Michael Gingras

Interested in lots of things, but mainly -- crypto, browsertech, and interfaces.

Crypto as a New Software Paradigm

January 20, 2024 crypto web

The most compelling aspect of crypto (in my opinion) is the way it changes software development. By offering open data and composable rails, crypto creates an ecosystem for software development that maximizes interoperability. When software is built this way, it creates an ecosystem that empowers developers and gives users control over the experiences they want to have. The nouns ecosystem and Farcaster are two great examples. In the Nouns community, we have seen a proliferation of software created to supplement the original nouns. Individual developers noticed problems in the nouns community that they wanted solved, and rather than requiring the nouns team to offer up APIs into the original nouns product, developers in the community were able to create new software products that augmented nouns without ever having to ask for permission. Additionally, these new pieces of software were compatible by default without requiring nouns to officially approve an integration. In this example, crypto offered the rails to create nouns as a foundation for many more software products to be built on top of. Since crypto is all about open standards, open data, and permissionlessness, nouns has seen a proliferation of software that is serving the needs of the community, built by the community. Farcaster is another great example. The original protocol is authored by the core team, but Farcaster has seen numerous apps, UI clients, and even businesses (boutycaster) created on top of its open protocol. Since the data and protocol are open and permissionless, anyone with enough motivation can create a product that is compatible with Farcaster and is able to serve the entire community.

In a sense, crypto is the most empowering tool for end user programming. End user programming refers to the class of tools and activities that enable regular users of a product (rather than just the core developers) to shape software programs in ways that best suit their needs. Since crypto is built on open standards and open data by default, anyone with enough programming background can build the software they want or need without requiring permission from the original authors. This is increasingly important in the wake of abuses of power such as Twitter and Reddit both gating access to their API and making it prohibitively expensive to create tools on top of their platforms. This is bad for the entire community, since it limits what type of software and experiences get built. Additionally, developers are not as motivated to build on top of non-crypto platforms if they know the owners of the platform can kick them off at any moment. Platforms built on crypto rails like Farcaster give developers the piece of mind that they can build entire businesses on top of the shared protocol without ever worrying that they will be kicked off. This helps create network effects as friendly developer environments attract developers, who create a wider array of use cases and experiences, which attract more and more users, which attract more developers wanting to build new experiences for these increasingly large audiences, and so on.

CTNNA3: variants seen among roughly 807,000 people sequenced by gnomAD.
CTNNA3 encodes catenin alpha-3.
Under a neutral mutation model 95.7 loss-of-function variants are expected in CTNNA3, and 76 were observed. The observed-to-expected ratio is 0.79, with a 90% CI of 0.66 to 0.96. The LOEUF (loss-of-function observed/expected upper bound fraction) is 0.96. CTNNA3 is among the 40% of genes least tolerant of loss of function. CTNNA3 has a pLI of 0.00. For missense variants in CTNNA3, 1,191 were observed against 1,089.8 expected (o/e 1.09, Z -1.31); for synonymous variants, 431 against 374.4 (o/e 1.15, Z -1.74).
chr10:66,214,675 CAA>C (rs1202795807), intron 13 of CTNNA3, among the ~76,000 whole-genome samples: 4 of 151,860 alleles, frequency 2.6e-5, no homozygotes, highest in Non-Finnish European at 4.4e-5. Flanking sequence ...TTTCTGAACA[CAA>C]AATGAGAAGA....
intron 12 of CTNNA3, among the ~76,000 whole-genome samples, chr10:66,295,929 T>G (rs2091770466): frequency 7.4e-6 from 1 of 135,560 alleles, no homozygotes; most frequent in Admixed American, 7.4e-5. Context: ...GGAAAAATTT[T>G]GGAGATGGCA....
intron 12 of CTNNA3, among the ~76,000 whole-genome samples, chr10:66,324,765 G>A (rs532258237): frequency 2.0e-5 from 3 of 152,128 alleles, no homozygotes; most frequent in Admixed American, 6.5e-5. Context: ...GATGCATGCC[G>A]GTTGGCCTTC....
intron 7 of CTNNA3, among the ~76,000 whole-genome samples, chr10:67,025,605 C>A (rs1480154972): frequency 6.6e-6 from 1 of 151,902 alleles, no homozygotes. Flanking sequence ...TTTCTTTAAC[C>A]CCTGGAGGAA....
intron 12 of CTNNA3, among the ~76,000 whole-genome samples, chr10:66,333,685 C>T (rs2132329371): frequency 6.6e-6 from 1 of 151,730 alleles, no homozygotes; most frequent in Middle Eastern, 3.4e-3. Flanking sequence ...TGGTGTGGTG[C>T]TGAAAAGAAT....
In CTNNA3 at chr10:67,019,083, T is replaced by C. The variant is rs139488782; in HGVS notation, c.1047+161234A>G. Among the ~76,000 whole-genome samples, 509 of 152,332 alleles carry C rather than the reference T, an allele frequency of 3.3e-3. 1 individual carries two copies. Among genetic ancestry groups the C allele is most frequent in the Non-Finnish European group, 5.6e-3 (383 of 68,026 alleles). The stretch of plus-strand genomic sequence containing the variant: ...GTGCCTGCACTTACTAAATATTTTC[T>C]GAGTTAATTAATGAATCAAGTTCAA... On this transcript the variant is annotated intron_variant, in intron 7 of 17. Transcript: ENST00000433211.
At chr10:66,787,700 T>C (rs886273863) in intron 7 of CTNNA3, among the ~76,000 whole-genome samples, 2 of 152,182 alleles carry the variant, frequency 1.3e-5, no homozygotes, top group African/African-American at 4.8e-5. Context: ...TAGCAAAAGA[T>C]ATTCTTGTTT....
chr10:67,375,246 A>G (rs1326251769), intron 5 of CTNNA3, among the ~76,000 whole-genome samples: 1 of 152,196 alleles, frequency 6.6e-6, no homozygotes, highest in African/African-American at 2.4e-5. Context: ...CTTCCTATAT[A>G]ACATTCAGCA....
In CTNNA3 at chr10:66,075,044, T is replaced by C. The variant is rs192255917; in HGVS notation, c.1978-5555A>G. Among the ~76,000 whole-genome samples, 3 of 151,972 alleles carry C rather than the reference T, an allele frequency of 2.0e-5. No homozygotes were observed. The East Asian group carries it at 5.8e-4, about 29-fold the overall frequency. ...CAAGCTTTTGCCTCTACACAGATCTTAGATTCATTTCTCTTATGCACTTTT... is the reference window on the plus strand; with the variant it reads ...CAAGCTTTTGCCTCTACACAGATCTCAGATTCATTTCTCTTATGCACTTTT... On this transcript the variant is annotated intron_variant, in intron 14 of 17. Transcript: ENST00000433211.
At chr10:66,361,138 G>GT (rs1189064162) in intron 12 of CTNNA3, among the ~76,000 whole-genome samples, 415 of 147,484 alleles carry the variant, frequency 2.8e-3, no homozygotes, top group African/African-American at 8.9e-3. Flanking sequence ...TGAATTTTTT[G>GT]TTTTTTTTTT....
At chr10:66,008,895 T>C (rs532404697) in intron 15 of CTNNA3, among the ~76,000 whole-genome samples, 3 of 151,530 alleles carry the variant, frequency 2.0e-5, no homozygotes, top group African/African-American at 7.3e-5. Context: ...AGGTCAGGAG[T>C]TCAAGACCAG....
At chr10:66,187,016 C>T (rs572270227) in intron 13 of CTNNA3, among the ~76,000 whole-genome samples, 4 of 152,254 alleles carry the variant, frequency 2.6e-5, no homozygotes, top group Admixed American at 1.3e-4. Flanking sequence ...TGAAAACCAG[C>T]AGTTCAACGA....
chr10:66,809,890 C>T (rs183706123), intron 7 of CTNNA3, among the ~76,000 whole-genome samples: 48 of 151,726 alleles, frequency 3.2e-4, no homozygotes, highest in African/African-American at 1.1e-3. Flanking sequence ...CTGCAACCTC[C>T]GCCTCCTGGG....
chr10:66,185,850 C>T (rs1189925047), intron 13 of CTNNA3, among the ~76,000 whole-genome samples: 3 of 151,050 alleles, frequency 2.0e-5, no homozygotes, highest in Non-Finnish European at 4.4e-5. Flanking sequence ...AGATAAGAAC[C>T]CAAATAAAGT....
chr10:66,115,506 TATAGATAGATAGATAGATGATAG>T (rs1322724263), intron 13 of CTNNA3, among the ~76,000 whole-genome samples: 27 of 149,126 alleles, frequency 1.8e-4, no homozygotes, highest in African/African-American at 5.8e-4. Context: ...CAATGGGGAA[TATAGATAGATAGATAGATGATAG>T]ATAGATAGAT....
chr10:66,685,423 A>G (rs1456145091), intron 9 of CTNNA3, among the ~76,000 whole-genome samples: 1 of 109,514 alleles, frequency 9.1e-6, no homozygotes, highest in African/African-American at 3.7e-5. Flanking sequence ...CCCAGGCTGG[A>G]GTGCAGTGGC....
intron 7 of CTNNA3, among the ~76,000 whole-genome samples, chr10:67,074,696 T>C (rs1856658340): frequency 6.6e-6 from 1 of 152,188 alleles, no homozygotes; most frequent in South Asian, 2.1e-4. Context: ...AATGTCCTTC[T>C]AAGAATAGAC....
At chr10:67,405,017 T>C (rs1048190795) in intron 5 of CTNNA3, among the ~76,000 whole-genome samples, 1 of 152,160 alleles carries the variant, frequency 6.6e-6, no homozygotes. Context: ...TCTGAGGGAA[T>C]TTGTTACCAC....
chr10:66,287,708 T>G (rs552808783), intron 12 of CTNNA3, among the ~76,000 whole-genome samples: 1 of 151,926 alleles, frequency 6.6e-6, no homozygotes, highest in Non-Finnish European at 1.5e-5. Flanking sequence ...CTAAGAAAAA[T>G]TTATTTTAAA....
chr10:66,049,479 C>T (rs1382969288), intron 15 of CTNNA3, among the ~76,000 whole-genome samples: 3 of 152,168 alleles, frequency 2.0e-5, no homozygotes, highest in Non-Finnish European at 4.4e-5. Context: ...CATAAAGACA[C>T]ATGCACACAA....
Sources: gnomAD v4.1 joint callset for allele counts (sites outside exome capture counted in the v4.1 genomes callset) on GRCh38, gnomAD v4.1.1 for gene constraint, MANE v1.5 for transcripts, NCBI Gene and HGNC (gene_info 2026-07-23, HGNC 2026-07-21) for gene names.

These benefits can be best defined as the benefits of standards. In a sense, writing a protocol like Nouns or Farcaster is defining a set of standards for how some product works. Even more abstract are standards like token standards (ERC20, ERC721 etc). Standards make software efficient; rather than having to support a wide range of integrations for the same flavor of use case, tools only need to follow the standard and will be interoperable with any token that decides to conform to that standard. Some software products could exist outside of crypto and might even be more efficient on web2 rails, but they miss out on the interoperability and standardization of crypto rails. One might chose to use a token to represent some package of data because they want to ensure that data is compatible with the wide array of experiences built that are compatible with existing token standards. As more and more experiences are authored, the benefit of packaging data as a token compounds. In a sense, this is similar to open source — a useful piece of code is authored once, and many people are able to take advantage of it with little effort.